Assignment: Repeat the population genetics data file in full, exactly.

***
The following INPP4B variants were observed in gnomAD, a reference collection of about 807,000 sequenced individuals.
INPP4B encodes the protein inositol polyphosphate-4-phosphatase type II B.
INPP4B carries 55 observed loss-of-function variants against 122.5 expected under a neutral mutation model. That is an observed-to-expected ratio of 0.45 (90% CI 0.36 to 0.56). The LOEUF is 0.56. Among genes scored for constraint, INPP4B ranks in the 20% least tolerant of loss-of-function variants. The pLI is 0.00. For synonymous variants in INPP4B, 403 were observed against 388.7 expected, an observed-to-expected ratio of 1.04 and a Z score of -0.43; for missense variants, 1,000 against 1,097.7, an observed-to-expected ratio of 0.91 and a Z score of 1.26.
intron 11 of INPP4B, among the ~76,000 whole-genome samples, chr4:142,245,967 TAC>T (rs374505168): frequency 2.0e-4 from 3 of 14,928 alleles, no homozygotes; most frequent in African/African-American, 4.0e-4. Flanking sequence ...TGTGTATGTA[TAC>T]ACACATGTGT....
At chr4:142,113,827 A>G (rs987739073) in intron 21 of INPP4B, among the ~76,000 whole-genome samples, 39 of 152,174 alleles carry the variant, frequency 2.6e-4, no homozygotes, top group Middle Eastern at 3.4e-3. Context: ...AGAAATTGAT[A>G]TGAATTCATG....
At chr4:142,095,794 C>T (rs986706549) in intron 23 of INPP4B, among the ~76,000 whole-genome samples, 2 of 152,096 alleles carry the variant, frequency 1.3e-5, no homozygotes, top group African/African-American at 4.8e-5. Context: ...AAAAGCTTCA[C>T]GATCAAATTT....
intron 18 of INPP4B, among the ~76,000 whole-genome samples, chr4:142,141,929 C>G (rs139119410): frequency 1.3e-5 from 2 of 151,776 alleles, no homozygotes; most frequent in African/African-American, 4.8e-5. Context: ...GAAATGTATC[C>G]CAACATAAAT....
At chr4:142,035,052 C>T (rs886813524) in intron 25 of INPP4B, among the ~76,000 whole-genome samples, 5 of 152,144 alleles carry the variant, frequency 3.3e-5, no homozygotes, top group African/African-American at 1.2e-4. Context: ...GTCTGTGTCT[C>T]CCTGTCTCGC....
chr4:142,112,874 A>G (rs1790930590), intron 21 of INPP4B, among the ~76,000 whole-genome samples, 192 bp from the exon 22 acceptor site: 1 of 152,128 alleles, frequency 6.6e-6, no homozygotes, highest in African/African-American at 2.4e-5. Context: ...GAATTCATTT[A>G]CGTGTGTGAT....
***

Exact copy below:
The following INPP4B variants were observed in gnomAD, a reference collection of about 807,000 sequenced individuals.
INPP4B encodes the protein inositol polyphosphate-4-phosphatase type II B.
INPP4B carries 55 observed loss-of-function variants against 122.5 expected under a neutral mutation model. That is an observed-to-expected ratio of 0.45 (90% CI 0.36 to 0.56). The LOEUF is 0.56. Among genes scored for constraint, INPP4B ranks in the 20% least tolerant of loss-of-function variants. The pLI is 0.00. For synonymous variants in INPP4B, 403 were observed against 388.7 expected, an observed-to-expected ratio of 1.04 and a Z score of -0.43; for missense variants, 1,000 against 1,097.7, an observed-to-expected ratio of 0.91 and a Z score of 1.26.
intron 11 of INPP4B, among the ~76,000 whole-genome samples, chr4:142,245,967 TAC>T (rs374505168): frequency 2.0e-4 from 3 of 14,928 alleles, no homozygotes; most frequent in African/African-American, 4.0e-4. Flanking sequence ...TGTGTATGTA[TAC>T]ACACATGTGT....
At chr4:142,113,827 A>G (rs987739073) in intron 21 of INPP4B, among the ~76,000 whole-genome samples, 39 of 152,174 alleles carry the variant, frequency 2.6e-4, no homozygotes, top group Middle Eastern at 3.4e-3. Context: ...AGAAATTGAT[A>G]TGAATTCATG....
At chr4:142,095,794 C>T (rs986706549) in intron 23 of INPP4B, among the ~76,000 whole-genome samples, 2 of 152,096 alleles carry the variant, frequency 1.3e-5, no homozygotes, top group African/African-American at 4.8e-5. Context: ...AAAAGCTTCA[C>T]GATCAAATTT....
intron 18 of INPP4B, among the ~76,000 whole-genome samples, chr4:142,141,929 C>G (rs139119410): frequency 1.3e-5 from 2 of 151,776 alleles, no homozygotes; most frequent in African/African-American, 4.8e-5. Context: ...GAAATGTATC[C>G]CAACATAAAT....
At chr4:142,035,052 C>T (rs886813524) in intron 25 of INPP4B, among the ~76,000 whole-genome samples, 5 of 152,144 alleles carry the variant, frequency 3.3e-5, no homozygotes, top group African/African-American at 1.2e-4. Context: ...GTCTGTGTCT[C>T]CCTGTCTCGC....
chr4:142,112,874 A>G (rs1790930590), intron 21 of INPP4B, among the ~76,000 whole-genome samples, 192 bp from the exon 22 acceptor site: 1 of 152,128 alleles, frequency 6.6e-6, no homozygotes, highest in African/African-American at 2.4e-5. Context: ...GAATTCATTT[A>G]CGTGTGTGAT....